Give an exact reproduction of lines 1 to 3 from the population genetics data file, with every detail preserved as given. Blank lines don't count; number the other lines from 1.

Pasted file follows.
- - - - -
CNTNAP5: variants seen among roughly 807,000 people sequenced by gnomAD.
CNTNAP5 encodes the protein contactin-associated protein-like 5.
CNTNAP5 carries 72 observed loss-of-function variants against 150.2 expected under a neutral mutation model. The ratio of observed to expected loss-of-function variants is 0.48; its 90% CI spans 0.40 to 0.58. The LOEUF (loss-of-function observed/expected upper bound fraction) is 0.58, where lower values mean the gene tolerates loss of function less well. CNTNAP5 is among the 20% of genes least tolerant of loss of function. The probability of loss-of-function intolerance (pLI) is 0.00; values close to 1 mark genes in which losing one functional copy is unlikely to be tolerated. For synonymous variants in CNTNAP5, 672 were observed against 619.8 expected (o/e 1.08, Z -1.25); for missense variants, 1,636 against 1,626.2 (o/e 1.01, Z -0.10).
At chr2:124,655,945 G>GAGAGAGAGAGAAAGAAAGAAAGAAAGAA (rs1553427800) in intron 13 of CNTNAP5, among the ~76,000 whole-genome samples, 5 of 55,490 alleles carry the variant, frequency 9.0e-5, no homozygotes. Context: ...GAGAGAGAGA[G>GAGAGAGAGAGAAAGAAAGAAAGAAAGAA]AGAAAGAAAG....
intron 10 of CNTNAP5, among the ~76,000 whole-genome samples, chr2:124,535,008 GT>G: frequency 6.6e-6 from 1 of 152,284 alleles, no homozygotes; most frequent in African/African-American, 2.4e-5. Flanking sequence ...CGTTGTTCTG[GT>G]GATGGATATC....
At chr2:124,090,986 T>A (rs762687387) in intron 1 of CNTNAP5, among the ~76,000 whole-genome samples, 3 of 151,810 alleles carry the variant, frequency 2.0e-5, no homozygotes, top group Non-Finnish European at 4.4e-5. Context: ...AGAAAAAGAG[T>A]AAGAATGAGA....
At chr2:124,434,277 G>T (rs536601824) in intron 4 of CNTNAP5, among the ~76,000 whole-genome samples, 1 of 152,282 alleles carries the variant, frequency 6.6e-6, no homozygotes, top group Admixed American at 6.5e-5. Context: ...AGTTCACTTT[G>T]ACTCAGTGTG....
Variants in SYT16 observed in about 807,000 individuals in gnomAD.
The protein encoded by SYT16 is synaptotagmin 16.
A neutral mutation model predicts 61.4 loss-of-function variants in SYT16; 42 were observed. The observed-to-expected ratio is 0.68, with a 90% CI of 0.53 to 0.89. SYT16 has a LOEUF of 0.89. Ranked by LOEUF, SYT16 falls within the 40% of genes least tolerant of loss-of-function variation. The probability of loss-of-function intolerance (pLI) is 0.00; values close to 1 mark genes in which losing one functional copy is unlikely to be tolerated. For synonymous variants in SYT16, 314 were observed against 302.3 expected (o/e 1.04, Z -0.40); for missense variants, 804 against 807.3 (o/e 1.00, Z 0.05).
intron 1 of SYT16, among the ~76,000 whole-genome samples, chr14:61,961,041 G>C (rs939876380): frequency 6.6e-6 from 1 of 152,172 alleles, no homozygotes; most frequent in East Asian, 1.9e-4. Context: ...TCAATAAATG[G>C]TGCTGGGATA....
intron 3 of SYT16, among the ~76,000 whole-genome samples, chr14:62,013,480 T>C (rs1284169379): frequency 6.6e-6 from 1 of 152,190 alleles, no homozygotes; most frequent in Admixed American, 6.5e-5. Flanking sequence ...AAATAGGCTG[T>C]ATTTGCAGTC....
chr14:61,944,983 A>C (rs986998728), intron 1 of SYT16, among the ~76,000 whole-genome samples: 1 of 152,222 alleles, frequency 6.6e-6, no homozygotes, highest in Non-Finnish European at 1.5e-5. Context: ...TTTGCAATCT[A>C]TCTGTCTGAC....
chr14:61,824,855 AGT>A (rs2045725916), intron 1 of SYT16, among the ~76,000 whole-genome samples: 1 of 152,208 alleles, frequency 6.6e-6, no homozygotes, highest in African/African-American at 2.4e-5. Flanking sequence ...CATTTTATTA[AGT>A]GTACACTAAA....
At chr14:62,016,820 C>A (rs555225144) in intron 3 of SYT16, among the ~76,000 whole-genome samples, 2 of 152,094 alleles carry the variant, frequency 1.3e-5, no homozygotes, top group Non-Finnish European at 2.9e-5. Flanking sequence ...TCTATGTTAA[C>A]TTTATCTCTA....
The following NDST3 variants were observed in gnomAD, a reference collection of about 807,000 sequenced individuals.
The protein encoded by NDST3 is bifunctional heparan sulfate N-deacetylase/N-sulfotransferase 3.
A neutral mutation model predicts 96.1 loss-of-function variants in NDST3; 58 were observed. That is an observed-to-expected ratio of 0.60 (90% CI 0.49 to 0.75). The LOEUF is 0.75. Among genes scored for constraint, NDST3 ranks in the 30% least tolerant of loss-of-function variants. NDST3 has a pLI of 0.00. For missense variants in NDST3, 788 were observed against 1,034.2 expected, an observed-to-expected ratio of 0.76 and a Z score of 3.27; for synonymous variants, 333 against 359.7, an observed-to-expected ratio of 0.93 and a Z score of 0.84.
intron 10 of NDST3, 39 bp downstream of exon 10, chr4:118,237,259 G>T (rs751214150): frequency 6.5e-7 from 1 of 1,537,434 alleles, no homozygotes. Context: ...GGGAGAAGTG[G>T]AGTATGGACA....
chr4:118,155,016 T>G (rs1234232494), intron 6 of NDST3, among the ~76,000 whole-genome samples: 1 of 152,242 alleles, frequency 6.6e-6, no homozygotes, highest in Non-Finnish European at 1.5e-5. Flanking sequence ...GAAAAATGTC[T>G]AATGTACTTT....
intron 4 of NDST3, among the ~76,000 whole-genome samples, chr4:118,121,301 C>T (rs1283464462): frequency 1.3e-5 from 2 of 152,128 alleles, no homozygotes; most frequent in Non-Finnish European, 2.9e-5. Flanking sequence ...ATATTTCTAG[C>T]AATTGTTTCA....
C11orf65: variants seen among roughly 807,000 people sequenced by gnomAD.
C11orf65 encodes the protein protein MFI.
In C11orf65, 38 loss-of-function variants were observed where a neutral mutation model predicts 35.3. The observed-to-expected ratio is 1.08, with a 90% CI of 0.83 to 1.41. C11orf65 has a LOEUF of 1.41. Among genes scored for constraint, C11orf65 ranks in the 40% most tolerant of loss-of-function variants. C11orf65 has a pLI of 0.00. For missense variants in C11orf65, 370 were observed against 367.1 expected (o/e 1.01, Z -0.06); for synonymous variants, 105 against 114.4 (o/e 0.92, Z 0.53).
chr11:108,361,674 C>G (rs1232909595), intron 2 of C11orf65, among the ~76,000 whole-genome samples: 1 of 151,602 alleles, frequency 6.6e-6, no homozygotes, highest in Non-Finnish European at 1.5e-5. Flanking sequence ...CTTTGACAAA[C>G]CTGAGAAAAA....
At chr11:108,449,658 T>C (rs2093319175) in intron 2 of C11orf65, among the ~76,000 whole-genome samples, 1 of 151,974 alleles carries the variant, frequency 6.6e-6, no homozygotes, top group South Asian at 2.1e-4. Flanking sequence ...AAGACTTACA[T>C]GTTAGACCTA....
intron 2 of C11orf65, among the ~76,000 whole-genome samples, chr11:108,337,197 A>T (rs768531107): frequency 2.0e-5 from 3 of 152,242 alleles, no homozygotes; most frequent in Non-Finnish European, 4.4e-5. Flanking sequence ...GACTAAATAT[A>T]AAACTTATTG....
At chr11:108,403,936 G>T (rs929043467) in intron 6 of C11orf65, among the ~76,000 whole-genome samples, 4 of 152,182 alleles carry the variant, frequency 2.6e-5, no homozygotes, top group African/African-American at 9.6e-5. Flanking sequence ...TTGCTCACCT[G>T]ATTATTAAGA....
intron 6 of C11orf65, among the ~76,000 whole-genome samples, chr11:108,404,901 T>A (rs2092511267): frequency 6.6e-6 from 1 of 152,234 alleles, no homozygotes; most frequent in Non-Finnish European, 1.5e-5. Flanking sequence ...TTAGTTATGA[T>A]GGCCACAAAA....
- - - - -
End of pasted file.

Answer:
CNTNAP5: variants seen among roughly 807,000 people sequenced by gnomAD.
CNTNAP5 encodes the protein contactin-associated protein-like 5.
CNTNAP5 carries 72 observed loss-of-function variants against 150.2 expected under a neutral mutation model. The ratio of observed to expected loss-of-function variants is 0.48; its 90% CI spans 0.40 to 0.58. The LOEUF (loss-of-function observed/expected upper bound fraction) is 0.58, where lower values mean the gene tolerates loss of function less well. CNTNAP5 is among the 20% of genes least tolerant of loss of function. The probability of loss-of-function intolerance (pLI) is 0.00; values close to 1 mark genes in which losing one functional copy is unlikely to be tolerated. For synonymous variants in CNTNAP5, 672 were observed against 619.8 expected (o/e 1.08, Z -1.25); for missense variants, 1,636 against 1,626.2 (o/e 1.01, Z -0.10).